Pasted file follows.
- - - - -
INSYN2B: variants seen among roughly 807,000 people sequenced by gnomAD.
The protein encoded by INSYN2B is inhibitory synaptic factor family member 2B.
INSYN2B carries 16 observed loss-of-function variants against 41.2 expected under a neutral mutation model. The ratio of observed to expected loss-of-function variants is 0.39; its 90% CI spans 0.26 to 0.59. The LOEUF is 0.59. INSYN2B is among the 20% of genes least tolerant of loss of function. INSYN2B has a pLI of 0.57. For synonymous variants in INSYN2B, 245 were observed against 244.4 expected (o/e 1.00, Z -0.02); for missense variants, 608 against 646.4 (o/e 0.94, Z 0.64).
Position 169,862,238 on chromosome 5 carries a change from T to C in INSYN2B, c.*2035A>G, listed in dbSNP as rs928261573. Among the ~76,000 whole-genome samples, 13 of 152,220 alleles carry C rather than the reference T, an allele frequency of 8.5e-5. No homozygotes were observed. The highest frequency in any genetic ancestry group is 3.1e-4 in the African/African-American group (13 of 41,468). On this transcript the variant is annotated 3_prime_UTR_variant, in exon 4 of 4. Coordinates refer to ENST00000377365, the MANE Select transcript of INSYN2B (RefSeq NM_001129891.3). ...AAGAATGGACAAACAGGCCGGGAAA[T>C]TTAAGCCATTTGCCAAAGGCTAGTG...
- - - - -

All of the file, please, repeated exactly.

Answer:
INSYN2B: variants seen among roughly 807,000 people sequenced by gnomAD.
The protein encoded by INSYN2B is inhibitory synaptic factor family member 2B.
INSYN2B carries 16 observed loss-of-function variants against 41.2 expected under a neutral mutation model. The ratio of observed to expected loss-of-function variants is 0.39; its 90% CI spans 0.26 to 0.59. The LOEUF is 0.59. INSYN2B is among the 20% of genes least tolerant of loss of function. INSYN2B has a pLI of 0.57. For synonymous variants in INSYN2B, 245 were observed against 244.4 expected (o/e 1.00, Z -0.02); for missense variants, 608 against 646.4 (o/e 0.94, Z 0.64).
Position 169,862,238 on chromosome 5 carries a change from T to C in INSYN2B, c.*2035A>G, listed in dbSNP as rs928261573. Among the ~76,000 whole-genome samples, 13 of 152,220 alleles carry C rather than the reference T, an allele frequency of 8.5e-5. No homozygotes were observed. The highest frequency in any genetic ancestry group is 3.1e-4 in the African/African-American group (13 of 41,468). On this transcript the variant is annotated 3_prime_UTR_variant, in exon 4 of 4. Coordinates refer to ENST00000377365, the MANE Select transcript of INSYN2B (RefSeq NM_001129891.3). ...AAGAATGGACAAACAGGCCGGGAAA[T>C]TTAAGCCATTTGCCAAAGGCTAGTG...